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Thursday, February 04, 2010

Good news: Four new roadblocks on 443

In December, Israel's Supreme Court ruled that the government has to open Route 443 to 'Palestinian' traffic, and gave the IDF five months to formulate a plan to secure the road against terror attacks. On Wednesday, the IDF announced what it plans to do.
The erection of new roadblocks and watchtowers, as well as increased military patrols, are part of the IDF’s proposed security plan for Route 443 ahead of its planned opening to Palestinian traffic in the coming months.

According to details of the plan under consideration by the IDF and obtained by The Jerusalem Post, the Defense Ministry is recommending the construction of four new roadblocks near the Palestinian villages of Harbata and Beit Sira and at the entrance to the settlements of Beit Horon and Givat Ze’ev.

In December, the High Court of Justice ordered the IDF to open Route 443, which links Jerusalem to Ben-Gurion Airport and Tel Aviv, to Palestinian traffic. The road was closed in 2002 following a spate of terror attacks along it that killed six people. Until then, the road had served as many as 55,000 Palestinians living in several villages along the length of the highway, including Beit Sira, Safa, Beit Ur a-Tahta and Khirbet el-Misbah.

The court gave the IDF five months to make preparations to open a 14-kilometer section of Road 443 that is between two checkpoints – one called Maccabim, near Modi’in, and the other on the opposite side, near Jerusalem.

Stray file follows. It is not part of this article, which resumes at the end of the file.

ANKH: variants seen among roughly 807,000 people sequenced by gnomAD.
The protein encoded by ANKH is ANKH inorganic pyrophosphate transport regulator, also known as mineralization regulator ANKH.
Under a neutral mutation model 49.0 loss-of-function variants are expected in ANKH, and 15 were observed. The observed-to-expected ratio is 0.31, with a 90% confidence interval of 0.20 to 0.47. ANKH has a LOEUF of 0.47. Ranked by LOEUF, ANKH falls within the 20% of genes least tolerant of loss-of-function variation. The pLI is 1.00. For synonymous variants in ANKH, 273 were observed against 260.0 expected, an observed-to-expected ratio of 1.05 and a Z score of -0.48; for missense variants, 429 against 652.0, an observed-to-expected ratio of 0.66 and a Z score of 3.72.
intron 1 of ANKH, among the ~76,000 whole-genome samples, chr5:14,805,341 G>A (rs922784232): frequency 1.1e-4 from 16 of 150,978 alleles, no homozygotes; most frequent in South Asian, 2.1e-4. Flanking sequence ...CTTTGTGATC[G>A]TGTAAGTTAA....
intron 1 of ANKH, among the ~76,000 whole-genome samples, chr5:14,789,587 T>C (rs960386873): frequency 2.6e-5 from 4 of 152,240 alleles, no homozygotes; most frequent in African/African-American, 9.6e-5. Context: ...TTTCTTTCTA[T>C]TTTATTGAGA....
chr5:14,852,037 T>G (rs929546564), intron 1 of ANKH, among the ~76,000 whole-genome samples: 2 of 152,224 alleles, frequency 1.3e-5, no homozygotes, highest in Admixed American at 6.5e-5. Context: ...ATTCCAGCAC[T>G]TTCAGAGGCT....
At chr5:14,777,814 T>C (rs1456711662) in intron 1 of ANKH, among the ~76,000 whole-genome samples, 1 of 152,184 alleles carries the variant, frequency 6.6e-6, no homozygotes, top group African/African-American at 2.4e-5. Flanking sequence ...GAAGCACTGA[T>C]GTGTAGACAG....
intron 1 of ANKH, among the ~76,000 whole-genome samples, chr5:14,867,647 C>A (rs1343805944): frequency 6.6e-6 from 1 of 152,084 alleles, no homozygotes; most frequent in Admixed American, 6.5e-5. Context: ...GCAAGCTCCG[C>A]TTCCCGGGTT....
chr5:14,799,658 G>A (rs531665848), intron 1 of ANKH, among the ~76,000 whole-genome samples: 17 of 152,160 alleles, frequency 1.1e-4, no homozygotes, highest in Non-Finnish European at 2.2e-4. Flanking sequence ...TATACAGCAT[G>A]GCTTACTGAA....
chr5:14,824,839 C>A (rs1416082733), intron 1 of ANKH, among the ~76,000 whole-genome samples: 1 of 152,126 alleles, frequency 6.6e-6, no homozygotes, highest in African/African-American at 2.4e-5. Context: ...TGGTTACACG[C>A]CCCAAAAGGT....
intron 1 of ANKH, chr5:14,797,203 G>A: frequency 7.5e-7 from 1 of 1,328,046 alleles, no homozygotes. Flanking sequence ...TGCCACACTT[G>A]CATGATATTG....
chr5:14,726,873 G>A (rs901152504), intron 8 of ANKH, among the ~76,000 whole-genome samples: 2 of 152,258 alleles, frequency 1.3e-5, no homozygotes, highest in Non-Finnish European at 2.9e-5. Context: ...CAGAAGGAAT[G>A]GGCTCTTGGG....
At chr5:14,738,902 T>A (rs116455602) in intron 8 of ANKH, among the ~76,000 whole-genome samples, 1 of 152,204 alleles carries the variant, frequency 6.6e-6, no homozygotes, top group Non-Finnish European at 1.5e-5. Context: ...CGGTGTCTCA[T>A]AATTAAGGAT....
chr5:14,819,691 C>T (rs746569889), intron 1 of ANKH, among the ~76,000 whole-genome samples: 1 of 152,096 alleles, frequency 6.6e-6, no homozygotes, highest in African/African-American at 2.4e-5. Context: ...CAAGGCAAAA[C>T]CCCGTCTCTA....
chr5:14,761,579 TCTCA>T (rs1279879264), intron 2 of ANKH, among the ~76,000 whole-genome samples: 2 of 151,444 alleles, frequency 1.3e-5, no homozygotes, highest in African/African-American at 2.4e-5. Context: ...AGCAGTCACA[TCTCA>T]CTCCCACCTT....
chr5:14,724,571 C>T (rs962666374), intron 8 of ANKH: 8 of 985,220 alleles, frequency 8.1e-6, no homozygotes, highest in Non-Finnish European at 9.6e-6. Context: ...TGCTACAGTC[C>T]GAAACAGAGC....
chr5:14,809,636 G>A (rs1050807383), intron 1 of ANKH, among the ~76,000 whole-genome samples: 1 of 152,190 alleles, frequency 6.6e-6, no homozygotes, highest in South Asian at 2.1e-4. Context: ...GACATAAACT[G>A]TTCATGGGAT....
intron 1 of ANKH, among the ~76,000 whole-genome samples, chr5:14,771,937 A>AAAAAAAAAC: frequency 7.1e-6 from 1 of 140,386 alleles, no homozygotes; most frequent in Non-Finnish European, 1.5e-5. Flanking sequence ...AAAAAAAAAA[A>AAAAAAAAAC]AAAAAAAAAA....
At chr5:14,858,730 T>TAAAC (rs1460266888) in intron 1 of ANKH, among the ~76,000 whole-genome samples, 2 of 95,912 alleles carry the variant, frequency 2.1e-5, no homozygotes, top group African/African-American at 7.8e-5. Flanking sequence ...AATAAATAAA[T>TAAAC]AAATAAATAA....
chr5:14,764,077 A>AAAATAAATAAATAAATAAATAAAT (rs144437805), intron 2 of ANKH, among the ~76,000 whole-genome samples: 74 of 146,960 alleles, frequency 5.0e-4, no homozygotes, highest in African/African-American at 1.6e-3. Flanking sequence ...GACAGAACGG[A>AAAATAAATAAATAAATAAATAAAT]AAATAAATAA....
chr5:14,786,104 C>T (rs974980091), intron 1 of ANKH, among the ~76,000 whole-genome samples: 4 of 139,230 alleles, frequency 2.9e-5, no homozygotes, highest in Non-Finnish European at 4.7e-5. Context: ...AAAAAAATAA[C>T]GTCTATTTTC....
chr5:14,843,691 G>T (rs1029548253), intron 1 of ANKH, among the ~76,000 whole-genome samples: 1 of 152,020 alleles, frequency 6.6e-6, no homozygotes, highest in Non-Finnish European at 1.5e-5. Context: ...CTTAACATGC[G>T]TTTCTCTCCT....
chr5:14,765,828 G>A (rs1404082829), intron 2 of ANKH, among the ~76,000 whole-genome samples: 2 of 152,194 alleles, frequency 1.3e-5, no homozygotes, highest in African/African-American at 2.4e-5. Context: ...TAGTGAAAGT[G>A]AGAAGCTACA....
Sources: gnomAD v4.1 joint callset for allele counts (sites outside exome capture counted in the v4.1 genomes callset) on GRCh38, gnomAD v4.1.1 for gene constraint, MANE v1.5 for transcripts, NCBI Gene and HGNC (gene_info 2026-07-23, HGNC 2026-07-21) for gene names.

In other words, we will have six checkpoints in a 14-kilometer stretch of road, which means that 443 will slow to a crawl.
IDF sources recognized that the new security measures would likely cause major traffic jams for commuters traveling on the four-lane highway.

“This is a problem but our primary concern is to ensure the public’s safety and to do that we need to make sure that Palestinians traveling on the road can’t enter settlements without inspections,” one officer said.

The IDF is concerned that once opened, Palestinian terrorists will use the road to launch attacks against Israeli drivers. In addition to potential shooting attacks, the IDF is also concerned with the possibility that improvised explosive devices (IEDs) will be planted along the highway. In December, security forces discovered the remains of an IED – made of a gas balloon and firecrackers – that had gone off along the road.
Especially with the tunnel road that allows most of the traffic from Northern Jerusalem that would have used Route 443 to bypass the main entrance to Jerusalem and its bottleneck (Route 443 joins Route 1 just before Ben Gurion Airport), most of the traffic will go back to using Route 1 (the main Jerusalem - Tel Aviv highway) and make it even more congested than it is already. And that's assuming no terror attacks on 443.

What could go wrong?


At 9:40 AM, Blogger Ashan said...

Another fear is that Palithugs driving on 443 will "create" large-scale "accidents".

At 4:19 PM, Anonymous Anonymous said...

Airdrop Israel's supreme court justices into Gaza. Parachutes are optional.


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